Posts tagged with Toddlers
Remember that post I wrote a few weeks back in which I polled people on the most annoying things parents post on Facebook? One of responses was potty-training posts.
Well guess what?
I am one of those people. You know why? Because potty learning (that is the now the preferred term, I've been told) is equal parts hilarious and frustrating as all hell. Reaching out to a support system (a.k.a. Facebook) is sometimes the only way to retain your sanity.
HJ will be three years old in May and she is determined to wear diapers for the rest of her life. However, since it’s frowned upon to send a kindergartener to school in Huggies, we decided to start taking this whole process a lot more seriously lately. We've been gently encouraging toilet use for the past year. It went well the first two weeks and then crashed and burned since. We've desperately been searching for ideas that would work. So far, here’s what we've tried:
Buy her really pretty or really special underwear and she won't mess in them: I bought her Bubble Guppies and Minnie Mouse undies. I talked them up, got super excited with her about wearing them, and made a grand production about the fact that she was wearing “Super Special Big Girl Panties.” Aaaaand she peed in them five minutes later. She was completely unfazed by the wet undies and I didn't realize it until I stepped in the puddle in her bedroom.
Start a sticker chart: I got a piece of cardstock out, drew her name in some block letters that I mastered in my dance squad days, and excitedly explained that she'd get to put a new sticker on her name every time she used the potty. Well, that was cool for a day. The stickers lost their luster when she realized that they couldn't be removed from the cardstock.
Stage a lockdown: I got this idea from Pinterest. It claimed “Potty Train your Child in just ONE day!” I should know better. Pinterest is full of lies. This one said to lock yourself in your house for a day or two, put the kid in underwear, wear an apron full of candy, and set a timer for every 30 minutes. You're supposed to have the kid try to go when the timer goes off and reward them with candy. These constant visits to the potty gave HJ a complex and she refused to use the potty for weeks afterward. She was beyond over it. Thanks a lot, lying Pinterest mom.
Tell her the potty is hungry and thirsty. She didn't care.
So that brings us to our current strategy:
- Bribery: Yes. I know this is the frowned upon solution, but a combination of taking away all electronics and giving them back after potty trips with a piece of candy has shown a 50 percent success rate. The times it does not work are when HJ decides she just wants a piece of candy and yet does not need to use the potty. Instead, she has a meltdown.
Now, I'll need to finish this blog because HJ just peed on the fireplace brick ledge and the girls are playing in the puddle.
Please send wine.
It’s not the proudest day in a parent’s life. It’s also not one of the ones that make you want to call up Grandma and Grandpa to share. But it’s a day that happens to the best of us and is what keeps us humble when we think we have this parenting thing down.
I’m talking about the day you realize your child is paying waaay more attention to what’s going on around them than you thought. This can come in many forms (from stories I’ve heard) and each parent’s realization can be quite different.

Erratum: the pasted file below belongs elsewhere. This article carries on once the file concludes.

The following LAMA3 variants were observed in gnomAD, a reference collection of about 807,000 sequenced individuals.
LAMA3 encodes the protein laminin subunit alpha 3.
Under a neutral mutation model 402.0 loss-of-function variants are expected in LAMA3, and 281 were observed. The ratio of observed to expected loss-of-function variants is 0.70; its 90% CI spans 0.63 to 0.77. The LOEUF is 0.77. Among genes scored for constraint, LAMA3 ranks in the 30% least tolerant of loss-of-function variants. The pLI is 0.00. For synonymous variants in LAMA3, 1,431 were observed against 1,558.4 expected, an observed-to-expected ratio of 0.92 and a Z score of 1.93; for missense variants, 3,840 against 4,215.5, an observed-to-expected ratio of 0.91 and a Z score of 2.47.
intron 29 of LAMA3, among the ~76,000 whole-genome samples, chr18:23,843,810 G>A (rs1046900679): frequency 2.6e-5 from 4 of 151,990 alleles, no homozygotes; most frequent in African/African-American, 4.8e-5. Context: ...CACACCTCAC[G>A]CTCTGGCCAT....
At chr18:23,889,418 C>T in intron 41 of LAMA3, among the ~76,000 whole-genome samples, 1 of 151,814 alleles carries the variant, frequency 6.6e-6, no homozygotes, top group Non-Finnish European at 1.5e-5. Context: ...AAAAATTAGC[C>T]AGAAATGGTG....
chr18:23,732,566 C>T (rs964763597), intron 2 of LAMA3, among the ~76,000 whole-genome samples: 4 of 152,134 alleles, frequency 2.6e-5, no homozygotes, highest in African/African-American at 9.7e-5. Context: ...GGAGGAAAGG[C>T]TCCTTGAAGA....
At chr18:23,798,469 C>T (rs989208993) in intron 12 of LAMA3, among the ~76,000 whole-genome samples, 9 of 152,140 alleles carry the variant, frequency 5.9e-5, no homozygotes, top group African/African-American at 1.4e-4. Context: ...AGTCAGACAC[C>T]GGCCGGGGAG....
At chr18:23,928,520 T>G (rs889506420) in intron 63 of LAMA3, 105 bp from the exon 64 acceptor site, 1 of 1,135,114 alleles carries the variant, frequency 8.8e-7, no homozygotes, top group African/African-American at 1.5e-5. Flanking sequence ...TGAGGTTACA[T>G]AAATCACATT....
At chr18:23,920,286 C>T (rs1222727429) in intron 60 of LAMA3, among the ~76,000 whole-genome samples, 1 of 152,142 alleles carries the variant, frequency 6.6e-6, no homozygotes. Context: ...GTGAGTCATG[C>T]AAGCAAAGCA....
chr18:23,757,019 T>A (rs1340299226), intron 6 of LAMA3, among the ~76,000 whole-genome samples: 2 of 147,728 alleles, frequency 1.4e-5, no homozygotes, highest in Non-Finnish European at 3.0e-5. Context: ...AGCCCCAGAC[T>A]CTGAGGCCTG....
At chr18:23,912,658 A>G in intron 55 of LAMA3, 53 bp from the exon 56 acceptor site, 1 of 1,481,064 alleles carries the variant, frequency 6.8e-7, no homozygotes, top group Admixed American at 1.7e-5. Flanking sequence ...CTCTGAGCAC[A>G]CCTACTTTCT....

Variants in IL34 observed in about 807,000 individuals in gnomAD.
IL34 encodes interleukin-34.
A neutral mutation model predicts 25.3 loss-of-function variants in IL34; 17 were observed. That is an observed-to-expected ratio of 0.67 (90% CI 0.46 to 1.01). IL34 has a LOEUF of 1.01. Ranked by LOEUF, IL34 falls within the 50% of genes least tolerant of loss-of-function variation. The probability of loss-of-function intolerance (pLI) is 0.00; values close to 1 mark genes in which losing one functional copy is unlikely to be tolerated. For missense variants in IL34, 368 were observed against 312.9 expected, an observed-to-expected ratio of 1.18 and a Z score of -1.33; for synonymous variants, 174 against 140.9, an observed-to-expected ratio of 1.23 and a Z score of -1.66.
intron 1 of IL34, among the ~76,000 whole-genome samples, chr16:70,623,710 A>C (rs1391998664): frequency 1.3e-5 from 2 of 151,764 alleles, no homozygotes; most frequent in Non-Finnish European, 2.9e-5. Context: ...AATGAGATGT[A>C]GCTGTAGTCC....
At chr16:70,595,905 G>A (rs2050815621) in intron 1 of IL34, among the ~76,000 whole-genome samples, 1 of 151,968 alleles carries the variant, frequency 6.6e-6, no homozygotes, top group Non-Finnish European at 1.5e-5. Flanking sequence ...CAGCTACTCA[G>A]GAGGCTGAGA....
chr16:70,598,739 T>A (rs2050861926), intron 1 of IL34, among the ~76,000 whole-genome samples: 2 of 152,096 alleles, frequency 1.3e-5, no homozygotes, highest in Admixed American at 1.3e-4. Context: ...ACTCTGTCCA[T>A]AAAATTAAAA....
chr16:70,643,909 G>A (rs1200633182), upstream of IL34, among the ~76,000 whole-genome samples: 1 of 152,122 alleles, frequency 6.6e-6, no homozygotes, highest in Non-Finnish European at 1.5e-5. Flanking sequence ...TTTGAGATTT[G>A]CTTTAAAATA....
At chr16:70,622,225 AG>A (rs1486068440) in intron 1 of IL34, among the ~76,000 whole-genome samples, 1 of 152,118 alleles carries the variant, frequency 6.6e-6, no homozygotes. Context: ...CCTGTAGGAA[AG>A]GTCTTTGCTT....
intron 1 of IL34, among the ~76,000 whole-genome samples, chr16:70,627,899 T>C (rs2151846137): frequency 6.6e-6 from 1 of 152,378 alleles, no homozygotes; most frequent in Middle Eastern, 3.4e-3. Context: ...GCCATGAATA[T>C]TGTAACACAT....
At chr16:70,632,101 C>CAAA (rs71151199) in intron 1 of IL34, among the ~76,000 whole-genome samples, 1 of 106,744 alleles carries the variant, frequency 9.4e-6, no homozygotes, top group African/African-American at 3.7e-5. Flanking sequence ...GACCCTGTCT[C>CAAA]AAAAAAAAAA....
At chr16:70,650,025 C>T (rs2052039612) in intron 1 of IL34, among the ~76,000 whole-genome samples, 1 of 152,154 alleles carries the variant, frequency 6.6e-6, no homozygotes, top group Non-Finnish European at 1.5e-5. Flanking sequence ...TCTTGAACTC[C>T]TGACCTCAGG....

Lucky for the not-so-observant folks at my house, our realization was as subtle as a Mack truck.
Aaron and I have struggled with the transition of shifting our conversations and television entertainment to more toddler-appropriate topics. After spending the last two years with a tiny person who couldn’t speak or understand most sentences, it’s hard to change your habits. I mean, her attention span is so short, is she REALLY paying that much attention?
OH yes. She is.
The other day we were having dinner. It was just a typical evening at our house. I set down HJ’s plate of food and her sippy cup of milk. As I was walking away, I heard a thud (obviously her milk tipping over) and her tiny voice say:
“Ahhh, damn it.”
If a tiny, two-year-old voice saying that phrase in correct context doesn’t move you to side-splitting, laughing tears, I just don’t even know how to relate to you. It was the funniest, most horrible thing to ever come out of my toddler’s mouth. And because I couldn’t laugh about it in front of her, it made it that much more hilarious.
So of course, I did what every responsible parent would do in that situation: I left the room with my shoulders shaking violently and tears rolling down my face as I tried to stifle my giggles.
She continued to go about her dinner as if nothing happened.
Once the humor subsided, the dread set in. We chose not to acknowledge what she said because she’s very much at a stage where she does many undesirable things solely for the attention. I totally stressed out that she’d be THAT kid at the next play date though. I didn’t say such things until I was in third grade and in the safety of the unsupervised part of the playground at recess! How will this child turn out if she’s saying it at two? TWO?!
We totally failed. This is what everyone was talking about when they warned us about them being tiny sponges.
Thankfully, our tactic of ignoring it has so far worked and since the incident, she’s never said it again. We’ve shifted our adult conversation to more kid-friendly vocabulary and are better at waiting to watch our TV shows after bedtime. I’m keeping my fingers crossed.
But... is it bad that I’m kind of proud she used the word in the correct context, at least?